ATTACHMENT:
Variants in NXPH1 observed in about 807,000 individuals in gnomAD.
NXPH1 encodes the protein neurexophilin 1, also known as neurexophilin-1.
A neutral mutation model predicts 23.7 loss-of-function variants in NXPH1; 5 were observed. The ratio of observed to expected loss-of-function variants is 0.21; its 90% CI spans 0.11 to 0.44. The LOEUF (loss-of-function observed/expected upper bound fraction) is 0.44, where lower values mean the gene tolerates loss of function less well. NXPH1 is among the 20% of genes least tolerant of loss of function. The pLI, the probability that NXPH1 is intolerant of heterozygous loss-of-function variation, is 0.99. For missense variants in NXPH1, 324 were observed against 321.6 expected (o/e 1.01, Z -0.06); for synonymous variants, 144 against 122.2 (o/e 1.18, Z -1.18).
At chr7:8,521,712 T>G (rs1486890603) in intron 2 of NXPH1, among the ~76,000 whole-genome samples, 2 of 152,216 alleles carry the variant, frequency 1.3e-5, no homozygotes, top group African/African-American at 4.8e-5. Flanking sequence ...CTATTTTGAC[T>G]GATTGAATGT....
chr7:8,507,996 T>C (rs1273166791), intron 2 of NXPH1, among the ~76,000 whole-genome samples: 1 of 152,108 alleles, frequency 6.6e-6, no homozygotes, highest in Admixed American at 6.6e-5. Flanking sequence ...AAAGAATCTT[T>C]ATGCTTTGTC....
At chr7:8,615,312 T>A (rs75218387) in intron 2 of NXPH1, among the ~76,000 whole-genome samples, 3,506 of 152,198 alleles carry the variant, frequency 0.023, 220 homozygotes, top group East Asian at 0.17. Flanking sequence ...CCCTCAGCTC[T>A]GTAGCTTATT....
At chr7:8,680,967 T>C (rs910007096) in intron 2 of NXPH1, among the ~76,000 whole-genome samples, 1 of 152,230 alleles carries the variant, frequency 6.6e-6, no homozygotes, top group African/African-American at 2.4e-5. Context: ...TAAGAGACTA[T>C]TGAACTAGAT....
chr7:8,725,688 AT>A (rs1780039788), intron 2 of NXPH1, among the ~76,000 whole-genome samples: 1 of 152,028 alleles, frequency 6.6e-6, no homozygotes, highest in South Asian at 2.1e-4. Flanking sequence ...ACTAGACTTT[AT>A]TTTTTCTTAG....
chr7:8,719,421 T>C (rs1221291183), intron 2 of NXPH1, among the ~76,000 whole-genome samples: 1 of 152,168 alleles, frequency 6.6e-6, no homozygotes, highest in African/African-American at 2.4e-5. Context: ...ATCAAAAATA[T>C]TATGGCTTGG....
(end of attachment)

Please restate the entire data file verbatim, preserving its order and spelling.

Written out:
Variants in NXPH1 observed in about 807,000 individuals in gnomAD.
NXPH1 encodes the protein neurexophilin 1, also known as neurexophilin-1.
A neutral mutation model predicts 23.7 loss-of-function variants in NXPH1; 5 were observed. The ratio of observed to expected loss-of-function variants is 0.21; its 90% CI spans 0.11 to 0.44. The LOEUF (loss-of-function observed/expected upper bound fraction) is 0.44, where lower values mean the gene tolerates loss of function less well. NXPH1 is among the 20% of genes least tolerant of loss of function. The pLI, the probability that NXPH1 is intolerant of heterozygous loss-of-function variation, is 0.99. For missense variants in NXPH1, 324 were observed against 321.6 expected (o/e 1.01, Z -0.06); for synonymous variants, 144 against 122.2 (o/e 1.18, Z -1.18).
At chr7:8,521,712 T>G (rs1486890603) in intron 2 of NXPH1, among the ~76,000 whole-genome samples, 2 of 152,216 alleles carry the variant, frequency 1.3e-5, no homozygotes, top group African/African-American at 4.8e-5. Flanking sequence ...CTATTTTGAC[T>G]GATTGAATGT....
chr7:8,507,996 T>C (rs1273166791), intron 2 of NXPH1, among the ~76,000 whole-genome samples: 1 of 152,108 alleles, frequency 6.6e-6, no homozygotes, highest in Admixed American at 6.6e-5. Flanking sequence ...AAAGAATCTT[T>C]ATGCTTTGTC....
At chr7:8,615,312 T>A (rs75218387) in intron 2 of NXPH1, among the ~76,000 whole-genome samples, 3,506 of 152,198 alleles carry the variant, frequency 0.023, 220 homozygotes, top group East Asian at 0.17. Flanking sequence ...CCCTCAGCTC[T>A]GTAGCTTATT....
At chr7:8,680,967 T>C (rs910007096) in intron 2 of NXPH1, among the ~76,000 whole-genome samples, 1 of 152,230 alleles carries the variant, frequency 6.6e-6, no homozygotes, top group African/African-American at 2.4e-5. Context: ...TAAGAGACTA[T>C]TGAACTAGAT....
chr7:8,725,688 AT>A (rs1780039788), intron 2 of NXPH1, among the ~76,000 whole-genome samples: 1 of 152,028 alleles, frequency 6.6e-6, no homozygotes, highest in South Asian at 2.1e-4. Flanking sequence ...ACTAGACTTT[AT>A]TTTTTCTTAG....
chr7:8,719,421 T>C (rs1221291183), intron 2 of NXPH1, among the ~76,000 whole-genome samples: 1 of 152,168 alleles, frequency 6.6e-6, no homozygotes, highest in African/African-American at 2.4e-5. Context: ...ATCAAAAATA[T>C]TATGGCTTGG....